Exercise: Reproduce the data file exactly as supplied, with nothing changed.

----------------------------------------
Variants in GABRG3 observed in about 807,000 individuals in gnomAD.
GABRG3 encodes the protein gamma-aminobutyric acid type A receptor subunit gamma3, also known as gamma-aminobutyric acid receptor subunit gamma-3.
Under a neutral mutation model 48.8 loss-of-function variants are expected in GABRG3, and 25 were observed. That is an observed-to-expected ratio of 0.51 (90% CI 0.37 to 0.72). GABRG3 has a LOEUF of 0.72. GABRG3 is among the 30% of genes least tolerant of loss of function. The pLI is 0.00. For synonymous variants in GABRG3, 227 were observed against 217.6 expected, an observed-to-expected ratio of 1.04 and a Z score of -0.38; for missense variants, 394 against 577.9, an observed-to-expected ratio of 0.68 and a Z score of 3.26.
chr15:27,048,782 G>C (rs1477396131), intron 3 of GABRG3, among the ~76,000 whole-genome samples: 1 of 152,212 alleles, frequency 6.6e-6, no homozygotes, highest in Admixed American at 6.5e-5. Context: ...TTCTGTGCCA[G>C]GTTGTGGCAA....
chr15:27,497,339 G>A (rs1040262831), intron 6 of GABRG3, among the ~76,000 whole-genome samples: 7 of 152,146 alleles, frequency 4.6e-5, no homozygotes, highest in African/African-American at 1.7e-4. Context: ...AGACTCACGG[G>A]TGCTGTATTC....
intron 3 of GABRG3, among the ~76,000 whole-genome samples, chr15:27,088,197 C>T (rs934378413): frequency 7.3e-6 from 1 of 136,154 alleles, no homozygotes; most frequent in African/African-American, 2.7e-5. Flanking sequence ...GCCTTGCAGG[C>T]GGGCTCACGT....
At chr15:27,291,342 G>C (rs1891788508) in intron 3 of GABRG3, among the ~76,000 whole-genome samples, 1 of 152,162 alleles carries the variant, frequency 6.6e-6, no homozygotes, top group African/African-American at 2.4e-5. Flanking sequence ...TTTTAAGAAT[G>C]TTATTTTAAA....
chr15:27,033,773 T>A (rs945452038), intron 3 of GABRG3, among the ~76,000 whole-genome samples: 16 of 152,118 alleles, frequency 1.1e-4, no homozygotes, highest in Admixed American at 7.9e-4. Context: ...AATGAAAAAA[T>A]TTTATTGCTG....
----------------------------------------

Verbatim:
Variants in GABRG3 observed in about 807,000 individuals in gnomAD.
GABRG3 encodes the protein gamma-aminobutyric acid type A receptor subunit gamma3, also known as gamma-aminobutyric acid receptor subunit gamma-3.
Under a neutral mutation model 48.8 loss-of-function variants are expected in GABRG3, and 25 were observed. That is an observed-to-expected ratio of 0.51 (90% CI 0.37 to 0.72). GABRG3 has a LOEUF of 0.72. GABRG3 is among the 30% of genes least tolerant of loss of function. The pLI is 0.00. For synonymous variants in GABRG3, 227 were observed against 217.6 expected, an observed-to-expected ratio of 1.04 and a Z score of -0.38; for missense variants, 394 against 577.9, an observed-to-expected ratio of 0.68 and a Z score of 3.26.
chr15:27,048,782 G>C (rs1477396131), intron 3 of GABRG3, among the ~76,000 whole-genome samples: 1 of 152,212 alleles, frequency 6.6e-6, no homozygotes, highest in Admixed American at 6.5e-5. Context: ...TTCTGTGCCA[G>C]GTTGTGGCAA....
chr15:27,497,339 G>A (rs1040262831), intron 6 of GABRG3, among the ~76,000 whole-genome samples: 7 of 152,146 alleles, frequency 4.6e-5, no homozygotes, highest in African/African-American at 1.7e-4. Context: ...AGACTCACGG[G>A]TGCTGTATTC....
intron 3 of GABRG3, among the ~76,000 whole-genome samples, chr15:27,088,197 C>T (rs934378413): frequency 7.3e-6 from 1 of 136,154 alleles, no homozygotes; most frequent in African/African-American, 2.7e-5. Flanking sequence ...GCCTTGCAGG[C>T]GGGCTCACGT....
At chr15:27,291,342 G>C (rs1891788508) in intron 3 of GABRG3, among the ~76,000 whole-genome samples, 1 of 152,162 alleles carries the variant, frequency 6.6e-6, no homozygotes, top group African/African-American at 2.4e-5. Flanking sequence ...TTTTAAGAAT[G>C]TTATTTTAAA....
chr15:27,033,773 T>A (rs945452038), intron 3 of GABRG3, among the ~76,000 whole-genome samples: 16 of 152,118 alleles, frequency 1.1e-4, no homozygotes, highest in Admixed American at 7.9e-4. Context: ...AATGAAAAAA[T>A]TTTATTGCTG....